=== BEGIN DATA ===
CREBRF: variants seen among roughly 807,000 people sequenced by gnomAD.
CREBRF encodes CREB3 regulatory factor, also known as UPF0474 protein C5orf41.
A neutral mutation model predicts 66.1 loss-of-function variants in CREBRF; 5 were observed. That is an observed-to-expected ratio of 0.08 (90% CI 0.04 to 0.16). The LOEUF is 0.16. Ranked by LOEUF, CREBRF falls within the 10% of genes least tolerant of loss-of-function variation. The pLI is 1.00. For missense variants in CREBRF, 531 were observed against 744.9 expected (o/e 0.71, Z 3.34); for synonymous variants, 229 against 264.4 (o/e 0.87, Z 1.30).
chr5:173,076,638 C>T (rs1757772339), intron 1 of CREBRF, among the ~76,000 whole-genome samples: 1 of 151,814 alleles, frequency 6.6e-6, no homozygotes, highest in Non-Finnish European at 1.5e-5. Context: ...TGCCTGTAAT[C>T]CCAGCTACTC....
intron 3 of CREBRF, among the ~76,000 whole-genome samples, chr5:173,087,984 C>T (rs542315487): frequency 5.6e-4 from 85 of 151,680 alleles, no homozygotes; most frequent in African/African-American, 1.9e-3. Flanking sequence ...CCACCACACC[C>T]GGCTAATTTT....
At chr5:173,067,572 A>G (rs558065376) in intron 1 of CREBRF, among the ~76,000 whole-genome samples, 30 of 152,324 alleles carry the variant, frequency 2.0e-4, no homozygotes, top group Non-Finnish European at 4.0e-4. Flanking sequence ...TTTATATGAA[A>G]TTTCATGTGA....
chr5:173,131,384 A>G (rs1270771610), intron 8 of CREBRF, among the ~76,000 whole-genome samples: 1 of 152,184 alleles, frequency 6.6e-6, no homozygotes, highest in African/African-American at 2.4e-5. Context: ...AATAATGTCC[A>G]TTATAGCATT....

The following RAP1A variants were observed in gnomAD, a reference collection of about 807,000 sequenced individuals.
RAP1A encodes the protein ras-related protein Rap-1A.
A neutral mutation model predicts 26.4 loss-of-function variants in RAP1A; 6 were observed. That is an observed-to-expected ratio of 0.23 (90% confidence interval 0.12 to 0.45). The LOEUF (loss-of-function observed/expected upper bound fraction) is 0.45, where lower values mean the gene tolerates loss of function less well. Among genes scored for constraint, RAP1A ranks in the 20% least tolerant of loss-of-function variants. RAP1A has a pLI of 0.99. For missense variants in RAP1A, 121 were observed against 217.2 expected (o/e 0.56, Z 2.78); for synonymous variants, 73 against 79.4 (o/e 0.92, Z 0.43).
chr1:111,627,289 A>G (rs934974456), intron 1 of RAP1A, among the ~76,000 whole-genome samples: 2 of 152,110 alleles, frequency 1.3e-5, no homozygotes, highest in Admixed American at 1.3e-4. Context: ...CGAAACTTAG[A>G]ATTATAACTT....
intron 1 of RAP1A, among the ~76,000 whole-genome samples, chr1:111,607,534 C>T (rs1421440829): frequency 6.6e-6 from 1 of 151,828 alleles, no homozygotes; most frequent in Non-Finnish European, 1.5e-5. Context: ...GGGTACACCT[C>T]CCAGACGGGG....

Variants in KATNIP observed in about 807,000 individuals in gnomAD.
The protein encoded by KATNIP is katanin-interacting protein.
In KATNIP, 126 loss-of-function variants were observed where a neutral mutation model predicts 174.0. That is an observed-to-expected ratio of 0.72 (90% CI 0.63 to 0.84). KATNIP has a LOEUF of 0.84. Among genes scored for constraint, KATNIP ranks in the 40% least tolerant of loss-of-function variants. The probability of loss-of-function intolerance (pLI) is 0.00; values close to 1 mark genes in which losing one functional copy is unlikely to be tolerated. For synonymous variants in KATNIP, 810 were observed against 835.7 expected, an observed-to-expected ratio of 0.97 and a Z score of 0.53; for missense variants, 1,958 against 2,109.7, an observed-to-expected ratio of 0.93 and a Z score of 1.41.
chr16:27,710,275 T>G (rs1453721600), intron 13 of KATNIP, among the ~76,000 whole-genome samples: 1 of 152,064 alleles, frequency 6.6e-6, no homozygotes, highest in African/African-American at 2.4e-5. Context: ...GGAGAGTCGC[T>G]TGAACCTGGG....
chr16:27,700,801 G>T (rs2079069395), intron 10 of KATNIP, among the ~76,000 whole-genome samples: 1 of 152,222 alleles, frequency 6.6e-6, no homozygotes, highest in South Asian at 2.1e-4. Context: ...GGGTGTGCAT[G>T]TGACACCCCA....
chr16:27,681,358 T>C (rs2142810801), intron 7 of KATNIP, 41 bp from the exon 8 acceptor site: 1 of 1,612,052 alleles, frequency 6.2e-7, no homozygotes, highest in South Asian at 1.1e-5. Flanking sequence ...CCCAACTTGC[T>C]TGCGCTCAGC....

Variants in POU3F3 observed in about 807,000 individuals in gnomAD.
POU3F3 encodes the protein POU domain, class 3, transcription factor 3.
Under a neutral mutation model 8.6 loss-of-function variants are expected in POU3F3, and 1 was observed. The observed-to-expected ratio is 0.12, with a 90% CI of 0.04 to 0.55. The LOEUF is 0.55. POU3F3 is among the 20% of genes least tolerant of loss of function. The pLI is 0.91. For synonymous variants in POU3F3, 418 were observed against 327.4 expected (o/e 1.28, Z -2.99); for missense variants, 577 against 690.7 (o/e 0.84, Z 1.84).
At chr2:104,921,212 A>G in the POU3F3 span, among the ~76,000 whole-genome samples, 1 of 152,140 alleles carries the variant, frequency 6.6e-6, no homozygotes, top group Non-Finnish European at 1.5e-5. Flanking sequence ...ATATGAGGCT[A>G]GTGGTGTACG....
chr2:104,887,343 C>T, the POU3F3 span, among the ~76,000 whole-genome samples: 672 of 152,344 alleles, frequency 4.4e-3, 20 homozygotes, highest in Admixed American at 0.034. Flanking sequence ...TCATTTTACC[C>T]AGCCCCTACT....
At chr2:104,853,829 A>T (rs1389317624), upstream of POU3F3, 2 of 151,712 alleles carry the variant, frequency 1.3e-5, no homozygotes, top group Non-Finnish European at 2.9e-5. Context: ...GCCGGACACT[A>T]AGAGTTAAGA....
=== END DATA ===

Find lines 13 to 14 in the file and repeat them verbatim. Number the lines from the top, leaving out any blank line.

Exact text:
Variants in KATNIP observed in about 807,000 individuals in gnomAD.
The protein encoded by KATNIP is katanin-interacting protein.